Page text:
EVENINGS ALONG THE STREAM (part eleven)
|Part ten can be found here|
July 2nd, in early July I spent several evenings on DePuy's Spring Creek in the company of the FAOL Editor Neil Travis. We have been fishing partners for years, and the purpose of this foray was to catch the PMD Spinner falls, which can be epic, however the wonderful thing about fly fishing for trout is that no two days are ever the same.
Even on those days where the weather is the same, there are so many variables that the angler is always challenged to solve the problem of what the trout are eating. The next few sections of this chronicle will relate the events of those evenings along the stream.
During the day on July 2nd, the PMD hatch began at 11:30 A.M. and continued to 2 P.M. for the next several days I was guiding an elderly angler who was 84 years young and who only fishes till 4 P.M. each day. This left me the evening hours to prospect and play on the waters of the spring creek, yes I know it is a tough job but some of us have to endure this hardship.
By 6 P.M. the issue of the spinner fall was still in doubt as the breezes of the evening had yet to subside and until that happens there would be no spinner fall on this evening.
I moved to the section of the stream just above the head of the house pond, as this was where I had agreed to meet Neil. He arrived shortly thereafter and got geared up. At 7 P.M. the winds began to drop and the spinners were soon up dancing, however the winds continued to come and go and the spinners would start and stop and start again depending on the strength of the breeze. Fortunately in July, Montana is blessed with long hours of daylight and true darkness doesn't appear until almost 10 P.M.
Neil had geared up with his favorite seven and half foot Lenard Bamboo and I with an eight and half foot Orvis PM, both rods took four weight lines and we were using nine foot leaders with 5x tippets. In the failing light of late evening we could have probably have got away with 4x tippets. We both selected PMD Parachute Spinners.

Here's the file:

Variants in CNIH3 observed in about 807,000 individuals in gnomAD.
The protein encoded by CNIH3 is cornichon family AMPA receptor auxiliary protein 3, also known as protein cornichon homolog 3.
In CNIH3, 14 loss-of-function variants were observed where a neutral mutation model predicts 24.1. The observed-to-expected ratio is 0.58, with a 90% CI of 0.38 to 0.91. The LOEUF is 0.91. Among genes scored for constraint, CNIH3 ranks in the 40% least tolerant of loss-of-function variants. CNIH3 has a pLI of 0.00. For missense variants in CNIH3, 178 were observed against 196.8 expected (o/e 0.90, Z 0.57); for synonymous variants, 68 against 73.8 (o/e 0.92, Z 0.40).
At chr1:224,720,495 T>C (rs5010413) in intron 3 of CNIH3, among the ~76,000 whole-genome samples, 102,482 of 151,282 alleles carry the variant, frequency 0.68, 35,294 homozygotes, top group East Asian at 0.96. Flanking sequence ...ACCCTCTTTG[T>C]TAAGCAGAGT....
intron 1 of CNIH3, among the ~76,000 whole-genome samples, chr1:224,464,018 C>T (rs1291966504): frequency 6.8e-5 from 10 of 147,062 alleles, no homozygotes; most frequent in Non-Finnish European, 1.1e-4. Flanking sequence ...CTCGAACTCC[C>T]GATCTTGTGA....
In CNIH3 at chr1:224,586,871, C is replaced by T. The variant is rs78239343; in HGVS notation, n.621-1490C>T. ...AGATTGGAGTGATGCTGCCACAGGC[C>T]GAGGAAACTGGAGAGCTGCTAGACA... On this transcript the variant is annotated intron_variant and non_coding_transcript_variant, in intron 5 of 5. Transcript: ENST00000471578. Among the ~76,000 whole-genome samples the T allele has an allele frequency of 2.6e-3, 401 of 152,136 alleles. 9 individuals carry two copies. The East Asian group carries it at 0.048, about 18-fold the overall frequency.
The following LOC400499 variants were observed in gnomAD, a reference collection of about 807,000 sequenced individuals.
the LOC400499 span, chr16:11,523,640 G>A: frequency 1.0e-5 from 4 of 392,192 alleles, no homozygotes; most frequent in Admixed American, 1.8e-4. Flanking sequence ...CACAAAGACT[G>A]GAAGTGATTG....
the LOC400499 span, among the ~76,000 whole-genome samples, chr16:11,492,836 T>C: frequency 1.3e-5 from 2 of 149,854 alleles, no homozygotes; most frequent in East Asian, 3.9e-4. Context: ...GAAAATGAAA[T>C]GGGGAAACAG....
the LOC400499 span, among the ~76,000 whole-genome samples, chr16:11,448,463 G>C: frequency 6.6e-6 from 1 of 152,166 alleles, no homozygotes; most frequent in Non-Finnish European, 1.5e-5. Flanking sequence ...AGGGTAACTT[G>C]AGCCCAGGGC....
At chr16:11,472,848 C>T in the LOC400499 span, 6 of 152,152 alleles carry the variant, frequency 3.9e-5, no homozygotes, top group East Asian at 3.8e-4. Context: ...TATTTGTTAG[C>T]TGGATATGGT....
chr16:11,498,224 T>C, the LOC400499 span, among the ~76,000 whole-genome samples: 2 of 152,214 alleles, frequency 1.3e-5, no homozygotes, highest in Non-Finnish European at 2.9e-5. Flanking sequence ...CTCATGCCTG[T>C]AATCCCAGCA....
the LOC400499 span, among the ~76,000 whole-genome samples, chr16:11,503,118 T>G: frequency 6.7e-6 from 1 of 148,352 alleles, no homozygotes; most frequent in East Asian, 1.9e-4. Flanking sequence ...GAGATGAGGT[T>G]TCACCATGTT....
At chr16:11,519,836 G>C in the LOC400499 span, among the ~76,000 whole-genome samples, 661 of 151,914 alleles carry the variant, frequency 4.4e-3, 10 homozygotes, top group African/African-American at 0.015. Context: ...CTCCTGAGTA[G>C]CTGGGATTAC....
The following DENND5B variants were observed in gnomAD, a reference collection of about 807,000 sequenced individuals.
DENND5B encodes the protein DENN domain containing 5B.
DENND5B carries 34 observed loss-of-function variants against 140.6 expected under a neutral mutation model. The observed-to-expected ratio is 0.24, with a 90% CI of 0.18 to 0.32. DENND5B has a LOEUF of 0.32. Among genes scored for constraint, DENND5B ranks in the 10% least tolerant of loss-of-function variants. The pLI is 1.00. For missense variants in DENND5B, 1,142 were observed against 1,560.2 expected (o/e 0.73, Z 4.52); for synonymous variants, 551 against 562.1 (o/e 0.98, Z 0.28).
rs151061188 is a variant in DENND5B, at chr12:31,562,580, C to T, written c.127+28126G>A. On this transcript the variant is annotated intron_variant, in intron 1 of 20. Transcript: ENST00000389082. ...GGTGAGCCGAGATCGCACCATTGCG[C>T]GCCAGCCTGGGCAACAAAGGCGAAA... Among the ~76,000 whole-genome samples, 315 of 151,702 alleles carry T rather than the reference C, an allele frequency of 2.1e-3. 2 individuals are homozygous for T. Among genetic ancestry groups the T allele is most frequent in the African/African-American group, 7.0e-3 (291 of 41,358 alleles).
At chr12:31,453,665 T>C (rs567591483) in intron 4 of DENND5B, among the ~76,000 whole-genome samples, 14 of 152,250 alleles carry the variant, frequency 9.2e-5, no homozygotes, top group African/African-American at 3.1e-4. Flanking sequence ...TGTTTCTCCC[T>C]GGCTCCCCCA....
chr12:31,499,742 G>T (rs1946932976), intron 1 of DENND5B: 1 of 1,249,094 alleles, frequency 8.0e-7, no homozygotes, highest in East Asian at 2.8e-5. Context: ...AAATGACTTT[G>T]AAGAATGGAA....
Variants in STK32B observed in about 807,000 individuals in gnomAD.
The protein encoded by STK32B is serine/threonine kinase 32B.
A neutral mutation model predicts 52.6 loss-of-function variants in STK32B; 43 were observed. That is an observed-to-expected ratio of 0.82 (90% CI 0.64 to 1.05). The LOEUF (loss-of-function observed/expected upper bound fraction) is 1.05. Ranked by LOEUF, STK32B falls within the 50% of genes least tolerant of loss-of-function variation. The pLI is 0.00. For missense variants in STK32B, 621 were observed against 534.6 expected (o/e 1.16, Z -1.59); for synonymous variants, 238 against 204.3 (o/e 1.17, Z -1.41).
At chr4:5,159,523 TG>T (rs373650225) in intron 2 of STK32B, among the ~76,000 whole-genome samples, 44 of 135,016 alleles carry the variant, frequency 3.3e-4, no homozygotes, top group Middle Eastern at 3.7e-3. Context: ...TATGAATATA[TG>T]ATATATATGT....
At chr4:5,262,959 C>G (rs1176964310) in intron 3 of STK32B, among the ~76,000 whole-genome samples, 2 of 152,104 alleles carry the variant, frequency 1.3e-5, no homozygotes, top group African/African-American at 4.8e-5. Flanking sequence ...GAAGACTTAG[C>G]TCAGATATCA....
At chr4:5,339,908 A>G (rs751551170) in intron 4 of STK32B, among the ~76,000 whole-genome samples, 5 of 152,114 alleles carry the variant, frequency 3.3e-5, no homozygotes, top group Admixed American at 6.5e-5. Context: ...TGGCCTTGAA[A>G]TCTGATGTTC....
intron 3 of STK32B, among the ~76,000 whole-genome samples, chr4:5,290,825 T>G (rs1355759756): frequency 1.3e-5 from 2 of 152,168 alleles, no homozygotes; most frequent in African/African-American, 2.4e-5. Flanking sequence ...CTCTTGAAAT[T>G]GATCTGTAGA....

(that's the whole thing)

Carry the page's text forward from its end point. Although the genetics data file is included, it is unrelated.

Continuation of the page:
This particular spinner imitation was designed by my friend Lee Kinsey and featured in John Mingo's Fly Fishing the Montana Spring Creeks, published in 2009. It is an easy pattern to see on the water in low light conditions and has proven its worth time and time again.
Neil is right handed and I am a lefty so we often fish up a section side by side chatting about the trout, the casting and of course, fly patterns, however on this evening Neil had chosen to fish a section where the riffle flattened out into a glide and I had chosen to fish up the right hand (west) bank starting at the culvert. Finally at 8:15 P.M. the spinners began to fall on the water and soon every trout in that section of the creek was feeding like they hadn't ate anything in a week.
Until 9:45 P.M. the fishing was fast and furious with each of us hooking several trout and even managing to land a few. I thankfully had not worn my vest that evening, just sticking a couple of boxes of flies in a shirt pocket along with my camera and, of course, I was wearing my lanyard which had tippets, floatant and nippers attached. The west bank offered a great casting angle for a lefty, however the wading was touch and go as the water at times was deeper than my waders, furthermore the clay marl beds tight along the bank were slippery and twice I slid into deeper water.
If you are getting sleepy just ship a little 51 degree spring creek water over the top of your waders and it will perk you up immediately. By 9:55 P.M. both of us were out of the water and gearing down as the bats and nighthawks continued to feed, but the surface of the spring creek was once again smooth and calm giving no hint of the activity that had just transpired. Soon Neil headed for home and I took one last drive along the length of the creek. As I reached the top of the creek I paused to watch the creek slide and gurgled along, understanding that the promise of tomorrow lay hidden in water sliding beneath the star light of the night.
|Part twelve can be found here|